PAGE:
CAROLINA BEACH, N.C. (WECT) - Accessing the beach while in a wheelchair is difficult, to say the least. In an effort to make the beaches more accessible to everyone, a local nonprofit group, Ocean Cure, installed wheelchair accessible mats on the sand at the base of Carolina Beach’s boardwalk in 2017.
The mats proved popular and made trips to the beach possible for those typically unable to traverse the sand without specialized equipment, but in July of 2020, the state issued a notice of violation to the town, telling them to remove them. The reasoning was that the mats needed a permit from the state but since the mats did not meet the guidelines set by the state, a permit would be difficult to get.
The state considers the wheelchair mats on the beach a ‘development’ and therefore they were in violation without having a proper permit.
In response to the violation from the state, the Town of Carolina Beach submitted a request for a Coastal Area Management Act (CAMA) permit, which was denied.
“On October 6, 2020 the Division of Coastal Management (“DCM”) denied the CAMA Minor Permit Application because 1) the proposed development extended seaward of the ocean hazard setback as determined by the applicable development line, and 2) the proposed development extends more than six feet seaward of the waterward toe of the frontal or primary dune,” according to state records.
But the efforts to keep the mats in place would not stop there. Last year, Ocean Cure’s founder Kevin Murphy acknowledged the concerns the state had and said he planned on fighting for the mats.
“One of the biggest factors we are battling right now is N.C. Fish and Wildlife. We have been told the beach mat is not in compliance and can only be six feet wide and six feet long which doesn’t even make it past the safety lane. We are using this time to go as high up politically in NC to hopefully have State regulations changed for the future and allow us to put it back down the way it has always been and should be. We will fight this throughout the winter and hopefully continue to make our beach as accessible as possible for all,” Murphy said last year.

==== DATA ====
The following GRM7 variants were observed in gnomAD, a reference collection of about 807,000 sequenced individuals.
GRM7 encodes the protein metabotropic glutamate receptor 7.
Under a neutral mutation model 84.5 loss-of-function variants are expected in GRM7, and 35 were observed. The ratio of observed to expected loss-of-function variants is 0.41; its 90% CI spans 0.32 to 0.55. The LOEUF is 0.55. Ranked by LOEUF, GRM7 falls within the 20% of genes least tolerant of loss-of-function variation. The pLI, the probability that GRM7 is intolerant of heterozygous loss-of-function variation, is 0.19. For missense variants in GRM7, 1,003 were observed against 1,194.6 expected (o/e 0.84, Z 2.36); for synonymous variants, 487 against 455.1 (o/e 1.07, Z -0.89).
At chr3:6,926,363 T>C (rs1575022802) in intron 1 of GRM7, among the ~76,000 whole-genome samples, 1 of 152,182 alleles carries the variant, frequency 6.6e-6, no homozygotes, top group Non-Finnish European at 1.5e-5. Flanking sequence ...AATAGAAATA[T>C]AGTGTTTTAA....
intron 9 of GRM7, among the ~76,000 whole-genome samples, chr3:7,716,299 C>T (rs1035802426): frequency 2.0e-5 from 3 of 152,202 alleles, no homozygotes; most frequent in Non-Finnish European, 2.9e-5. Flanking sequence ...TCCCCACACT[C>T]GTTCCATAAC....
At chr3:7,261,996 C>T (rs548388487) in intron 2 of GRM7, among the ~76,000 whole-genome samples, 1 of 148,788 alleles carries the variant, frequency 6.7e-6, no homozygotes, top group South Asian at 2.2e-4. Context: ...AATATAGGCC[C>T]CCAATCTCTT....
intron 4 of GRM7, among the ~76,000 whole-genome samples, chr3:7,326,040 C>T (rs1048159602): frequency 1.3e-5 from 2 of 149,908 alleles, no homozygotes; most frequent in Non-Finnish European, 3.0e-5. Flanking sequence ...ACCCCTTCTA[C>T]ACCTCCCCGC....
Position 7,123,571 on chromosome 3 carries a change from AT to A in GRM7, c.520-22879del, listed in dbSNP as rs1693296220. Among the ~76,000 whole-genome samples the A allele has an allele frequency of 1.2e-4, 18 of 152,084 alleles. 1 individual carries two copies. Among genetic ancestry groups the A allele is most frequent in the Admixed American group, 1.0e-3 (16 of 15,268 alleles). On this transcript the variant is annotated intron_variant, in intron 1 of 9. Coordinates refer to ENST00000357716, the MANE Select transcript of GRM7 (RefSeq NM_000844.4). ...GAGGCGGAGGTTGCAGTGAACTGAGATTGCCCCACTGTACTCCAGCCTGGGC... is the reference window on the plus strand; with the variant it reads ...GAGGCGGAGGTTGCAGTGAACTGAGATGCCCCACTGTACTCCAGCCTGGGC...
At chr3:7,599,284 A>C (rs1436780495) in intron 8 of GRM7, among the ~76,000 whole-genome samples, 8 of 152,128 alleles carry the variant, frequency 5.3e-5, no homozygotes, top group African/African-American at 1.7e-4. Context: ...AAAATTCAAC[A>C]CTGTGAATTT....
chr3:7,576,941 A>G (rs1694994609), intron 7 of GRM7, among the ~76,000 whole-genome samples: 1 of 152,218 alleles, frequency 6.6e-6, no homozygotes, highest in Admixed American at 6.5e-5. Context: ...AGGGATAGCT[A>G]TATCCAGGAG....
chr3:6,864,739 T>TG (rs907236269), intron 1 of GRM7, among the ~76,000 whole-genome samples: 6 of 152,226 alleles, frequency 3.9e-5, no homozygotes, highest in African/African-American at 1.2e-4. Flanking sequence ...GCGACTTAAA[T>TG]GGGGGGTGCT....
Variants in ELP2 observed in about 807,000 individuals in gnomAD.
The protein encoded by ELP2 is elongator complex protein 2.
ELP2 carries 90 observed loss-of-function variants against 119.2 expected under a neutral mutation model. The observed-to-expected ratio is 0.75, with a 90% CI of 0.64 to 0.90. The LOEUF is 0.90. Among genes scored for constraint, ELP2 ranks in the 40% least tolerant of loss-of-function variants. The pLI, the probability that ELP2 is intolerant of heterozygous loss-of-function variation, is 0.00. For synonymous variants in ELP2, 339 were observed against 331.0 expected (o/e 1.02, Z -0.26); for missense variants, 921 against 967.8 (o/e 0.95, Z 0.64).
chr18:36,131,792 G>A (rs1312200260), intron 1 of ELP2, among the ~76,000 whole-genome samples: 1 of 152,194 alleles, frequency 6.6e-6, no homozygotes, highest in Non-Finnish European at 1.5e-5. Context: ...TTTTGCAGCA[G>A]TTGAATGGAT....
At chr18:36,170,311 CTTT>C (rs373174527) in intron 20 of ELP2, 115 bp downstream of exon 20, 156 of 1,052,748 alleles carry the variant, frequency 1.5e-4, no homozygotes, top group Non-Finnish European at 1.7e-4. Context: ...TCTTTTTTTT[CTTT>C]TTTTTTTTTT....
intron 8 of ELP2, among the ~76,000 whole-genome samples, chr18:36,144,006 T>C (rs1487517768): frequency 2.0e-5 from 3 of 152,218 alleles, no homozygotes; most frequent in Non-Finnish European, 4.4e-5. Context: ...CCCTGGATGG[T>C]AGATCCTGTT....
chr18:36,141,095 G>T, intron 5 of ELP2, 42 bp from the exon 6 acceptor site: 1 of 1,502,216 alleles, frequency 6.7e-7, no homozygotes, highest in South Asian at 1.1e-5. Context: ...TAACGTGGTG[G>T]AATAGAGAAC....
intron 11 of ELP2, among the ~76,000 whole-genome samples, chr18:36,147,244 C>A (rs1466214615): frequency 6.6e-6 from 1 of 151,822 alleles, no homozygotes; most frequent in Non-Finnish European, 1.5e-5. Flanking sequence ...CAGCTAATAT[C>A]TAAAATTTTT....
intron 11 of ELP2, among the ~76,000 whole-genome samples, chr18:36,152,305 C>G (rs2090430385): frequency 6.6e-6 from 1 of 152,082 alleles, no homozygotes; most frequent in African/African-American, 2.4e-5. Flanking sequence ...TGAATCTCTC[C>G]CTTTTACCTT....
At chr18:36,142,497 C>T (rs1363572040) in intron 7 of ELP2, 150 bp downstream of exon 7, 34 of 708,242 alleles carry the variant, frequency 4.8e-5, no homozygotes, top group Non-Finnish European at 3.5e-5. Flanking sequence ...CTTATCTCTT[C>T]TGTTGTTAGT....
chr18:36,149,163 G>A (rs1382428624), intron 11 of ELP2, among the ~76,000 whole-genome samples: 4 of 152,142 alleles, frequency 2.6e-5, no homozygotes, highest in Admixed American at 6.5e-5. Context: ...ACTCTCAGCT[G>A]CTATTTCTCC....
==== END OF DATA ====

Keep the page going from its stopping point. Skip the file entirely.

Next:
Now, the town is requesting a variance from the Coastal Resource Commission and staff from the state are supportive of the request.
In order to apply for a variance, the petitioner must respond and prove four different criteria - for all four criteria the town and staff are in agreement - but it is ultimately up to the Coastal Resource Commission to approve or deny the request.
One of the criteria the town has to prove is that the strict application of the rules causes unnecessary hardships, the town says it does as do state staff.
“Staff agrees that strict application of the Commission’s rule prohibiting development oceanward of the ocean hazard setback line or development line, and extending more than six feet seaward of the waterward toe of the frontal or primary dune causes Petitioner unnecessary hardships,” according to the variance request.
“The proposed location of the beach mats on the uniquely town-owned public beach within the Central Business District and waterward of the vegetation line and primary dune has, and will, facilitate public access along the beach and to the ocean for those who require wheelchair access. While the nearby boardwalk is wheelchair accessible, accommodating wheelchairs onto and along the dry sand beach and to the ocean was limited to those who could operate and transport the Town’s beach-wheelchairs across the dry sand beach,” staff said.